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The external fund manager backed by Berkshire Hathaway’s Charlie Munger, Li Lu, makes no bones about it when he says ‘The biggest investment risk is not the volatility of prices, but whether you will suffer a permanent loss of capital.’ So it seems the smart money knows that debt – which is usually involved in bankruptcies – is a very important factor, when you assess how risky a company is. We note that Guardion Health Sciences, Inc. (NASDAQ:GHSI) does have debt on its balance sheet. But should shareholders be worried about its use of debt?
When Is Debt A Problem?
Generally speaking, debt only becomes a real problem when a company can’t easily pay it off, either by raising capital or with its own cash flow. If things get really bad, the lenders can take control of the business. However, a more usual (but still expensive) situation is where a company must dilute shareholders at a cheap share price simply to get debt under control. Of course, plenty of companies use debt to fund growth, without any negative consequences. When we examine debt levels, we first consider both cash and debt levels, together.
What Is Guardion Health Sciences’s Debt?
You can click the graphic below for the historical numbers, but it shows that Guardion Health Sciences had US$117.6k of debt in March 2019, down from US$137.0k, one year before However, its balance sheet shows it holds US$174.3k in cash, so it actually has US$56.7k net cash.
How Healthy Is Guardion Health Sciences’s Balance Sheet?
According to the last reported balance sheet, Guardion Health Sciences had liabilities of US$1.57m due within 12 months, and liabilities of US$513.6k due beyond 12 months. Offsetting this, it had US$174.3k in cash and US$15.1k in receivables that were due within 12 months. So it has liabilities totalling US$1.89m more than its cash and near-term receivables, combined.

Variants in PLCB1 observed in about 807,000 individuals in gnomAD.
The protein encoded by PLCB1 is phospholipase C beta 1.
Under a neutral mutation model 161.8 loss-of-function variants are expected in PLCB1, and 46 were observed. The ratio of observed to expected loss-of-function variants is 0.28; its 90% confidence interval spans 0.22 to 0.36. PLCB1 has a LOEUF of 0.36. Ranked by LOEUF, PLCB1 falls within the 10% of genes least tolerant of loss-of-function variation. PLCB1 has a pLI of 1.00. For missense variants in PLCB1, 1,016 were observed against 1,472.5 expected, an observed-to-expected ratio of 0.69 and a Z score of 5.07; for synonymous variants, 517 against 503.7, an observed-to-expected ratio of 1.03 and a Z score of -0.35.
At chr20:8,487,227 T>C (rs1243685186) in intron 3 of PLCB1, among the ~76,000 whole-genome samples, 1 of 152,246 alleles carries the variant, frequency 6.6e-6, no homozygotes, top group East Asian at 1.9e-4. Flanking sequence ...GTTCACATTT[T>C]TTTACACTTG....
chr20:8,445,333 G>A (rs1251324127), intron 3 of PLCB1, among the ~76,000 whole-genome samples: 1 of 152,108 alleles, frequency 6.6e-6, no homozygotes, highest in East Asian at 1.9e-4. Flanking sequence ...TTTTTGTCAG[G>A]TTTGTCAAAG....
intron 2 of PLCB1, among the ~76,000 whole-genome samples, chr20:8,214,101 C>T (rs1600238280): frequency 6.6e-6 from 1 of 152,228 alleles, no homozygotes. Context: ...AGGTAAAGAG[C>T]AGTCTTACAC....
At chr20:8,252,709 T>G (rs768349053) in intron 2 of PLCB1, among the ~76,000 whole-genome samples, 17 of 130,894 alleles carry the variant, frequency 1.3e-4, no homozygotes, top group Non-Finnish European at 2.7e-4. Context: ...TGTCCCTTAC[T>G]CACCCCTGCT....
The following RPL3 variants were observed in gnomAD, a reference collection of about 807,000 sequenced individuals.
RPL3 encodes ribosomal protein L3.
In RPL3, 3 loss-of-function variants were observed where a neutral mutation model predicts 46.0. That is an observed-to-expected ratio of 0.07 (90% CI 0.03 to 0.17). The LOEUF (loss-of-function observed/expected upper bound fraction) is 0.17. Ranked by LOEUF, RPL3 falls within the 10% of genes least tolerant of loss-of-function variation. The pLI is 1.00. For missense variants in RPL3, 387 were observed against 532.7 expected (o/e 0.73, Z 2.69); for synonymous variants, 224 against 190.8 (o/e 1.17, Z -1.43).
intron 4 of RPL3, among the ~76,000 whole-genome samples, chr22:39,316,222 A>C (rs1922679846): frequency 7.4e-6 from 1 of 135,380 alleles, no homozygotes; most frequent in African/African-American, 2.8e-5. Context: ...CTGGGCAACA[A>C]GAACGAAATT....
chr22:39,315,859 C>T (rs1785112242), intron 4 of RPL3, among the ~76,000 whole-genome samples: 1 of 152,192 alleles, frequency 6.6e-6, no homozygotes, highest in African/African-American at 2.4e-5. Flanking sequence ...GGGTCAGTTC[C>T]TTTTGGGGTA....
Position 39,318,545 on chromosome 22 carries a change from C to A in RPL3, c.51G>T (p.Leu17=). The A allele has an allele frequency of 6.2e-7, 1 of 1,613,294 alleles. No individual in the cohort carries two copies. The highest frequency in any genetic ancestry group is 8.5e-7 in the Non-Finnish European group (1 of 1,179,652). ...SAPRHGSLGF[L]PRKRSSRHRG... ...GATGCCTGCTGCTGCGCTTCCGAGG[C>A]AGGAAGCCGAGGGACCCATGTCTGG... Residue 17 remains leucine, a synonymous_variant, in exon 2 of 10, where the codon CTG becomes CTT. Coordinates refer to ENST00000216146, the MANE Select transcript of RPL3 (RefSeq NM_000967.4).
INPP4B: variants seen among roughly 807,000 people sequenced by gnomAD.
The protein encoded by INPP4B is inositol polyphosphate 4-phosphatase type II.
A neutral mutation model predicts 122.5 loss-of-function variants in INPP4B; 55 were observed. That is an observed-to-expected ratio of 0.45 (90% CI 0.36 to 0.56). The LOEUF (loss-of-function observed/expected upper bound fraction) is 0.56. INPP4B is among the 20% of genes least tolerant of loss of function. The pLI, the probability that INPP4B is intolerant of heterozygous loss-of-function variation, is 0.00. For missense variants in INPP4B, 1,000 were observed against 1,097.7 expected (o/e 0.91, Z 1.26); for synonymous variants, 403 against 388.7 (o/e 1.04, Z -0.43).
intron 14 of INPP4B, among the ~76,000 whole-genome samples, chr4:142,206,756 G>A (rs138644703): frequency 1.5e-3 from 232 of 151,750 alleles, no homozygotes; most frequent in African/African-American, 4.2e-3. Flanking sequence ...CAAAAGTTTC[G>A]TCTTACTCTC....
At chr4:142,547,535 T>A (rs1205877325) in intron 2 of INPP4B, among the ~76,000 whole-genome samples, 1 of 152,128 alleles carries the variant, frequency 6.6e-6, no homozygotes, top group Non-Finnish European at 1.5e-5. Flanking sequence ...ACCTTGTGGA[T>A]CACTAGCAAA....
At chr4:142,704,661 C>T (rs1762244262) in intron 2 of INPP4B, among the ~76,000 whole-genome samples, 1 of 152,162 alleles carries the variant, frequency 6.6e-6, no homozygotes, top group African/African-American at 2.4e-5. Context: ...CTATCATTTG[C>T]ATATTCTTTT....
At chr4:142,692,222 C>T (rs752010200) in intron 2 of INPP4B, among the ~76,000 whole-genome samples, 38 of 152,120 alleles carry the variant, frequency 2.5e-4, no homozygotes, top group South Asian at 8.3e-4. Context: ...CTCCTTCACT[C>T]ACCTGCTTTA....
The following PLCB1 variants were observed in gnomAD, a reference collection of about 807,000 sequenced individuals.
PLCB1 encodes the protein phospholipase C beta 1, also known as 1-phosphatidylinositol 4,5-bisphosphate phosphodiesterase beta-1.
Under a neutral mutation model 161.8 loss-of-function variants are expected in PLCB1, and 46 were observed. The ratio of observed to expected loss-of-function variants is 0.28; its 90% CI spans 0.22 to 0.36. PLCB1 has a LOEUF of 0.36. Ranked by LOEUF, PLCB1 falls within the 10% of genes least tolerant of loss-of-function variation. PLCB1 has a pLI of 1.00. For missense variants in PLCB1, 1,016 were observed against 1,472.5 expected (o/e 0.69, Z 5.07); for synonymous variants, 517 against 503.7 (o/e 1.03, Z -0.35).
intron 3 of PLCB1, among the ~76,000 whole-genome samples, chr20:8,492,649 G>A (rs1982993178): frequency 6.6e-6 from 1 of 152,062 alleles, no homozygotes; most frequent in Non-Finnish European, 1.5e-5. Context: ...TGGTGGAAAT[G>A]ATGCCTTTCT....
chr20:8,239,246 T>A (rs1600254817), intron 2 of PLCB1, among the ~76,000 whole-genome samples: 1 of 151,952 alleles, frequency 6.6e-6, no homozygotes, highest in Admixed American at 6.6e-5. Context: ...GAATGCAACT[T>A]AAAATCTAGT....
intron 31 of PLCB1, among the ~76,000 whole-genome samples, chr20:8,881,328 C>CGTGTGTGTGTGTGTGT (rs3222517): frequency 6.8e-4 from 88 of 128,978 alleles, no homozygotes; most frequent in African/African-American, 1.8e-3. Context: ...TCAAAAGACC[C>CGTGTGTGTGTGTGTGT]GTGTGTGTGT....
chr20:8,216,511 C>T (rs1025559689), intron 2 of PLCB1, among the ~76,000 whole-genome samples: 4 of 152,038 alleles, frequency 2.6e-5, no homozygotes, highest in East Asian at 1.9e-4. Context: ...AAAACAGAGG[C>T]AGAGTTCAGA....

Of course, Guardion Health Sciences has a market capitalization of US$27.7m, so these liabilities are probably manageable. However, we do think it is worth keeping an eye on its balance sheet strength, as it may change over time. Given that Guardion Health Sciences has more cash than debt, we’re pretty confident it can manage its debt safely. The balance sheet is clearly the area to focus on when you are analysing debt. But it is Guardion Health Sciences’s earnings that will influence how the balance sheet holds up in the future. So if you’re keen to discover more about its earnings, it might be worth checking out this graph of its long term earnings trend.
In the last year Guardion Health Sciences managed to grow its revenue by 73%, to US$992k. Shareholders probably have their fingers crossed that it can grow its way to profits.
So How Risky Is Guardion Health Sciences?
Statistically speaking companies that lose money are riskier than those that make money. Anf the fact is that over the last twelve months Guardion Health Sciences lost money at the earnings before interest and tax (EBIT) line. And over the same period it saw negative free cash outflow of US$3.6m and booked a US$6.8m accounting loss. Given it only has net cash of US$174k, the company may need to raise more capital if it doesn’t reach break-even soon. With very solid revenue growth in the last year, Guardion Health Sciences may be on a path to profitability. Pre-profit companies are often risky, but they can also offer great rewards. When we look at a riskier company, we like to check how their profits (or losses) are trending over time. Today, we’re providing readers this interactive graph showing how Guardion Health Sciences’s profit, revenue, and operating cashflow have changed over the last few years.
Of course, if you’re the type of investor who prefers buying stocks without the burden of debt, then don’t hesitate to discover our exclusive list of net cash growth stocks, today.
We aim to bring you long-term focused research analysis driven by fundamental data. Note that our analysis may not factor in the latest price-sensitive company announcements or qualitative material.
If you spot an error that warrants correction, please contact the editor at firstname.lastname@example.org. This article by Simply Wall St is general in nature. It does not constitute a recommendation to buy or sell any stock, and does not take account of your objectives, or your financial situation. Simply Wall St has no position in the stocks mentioned. Thank you for reading.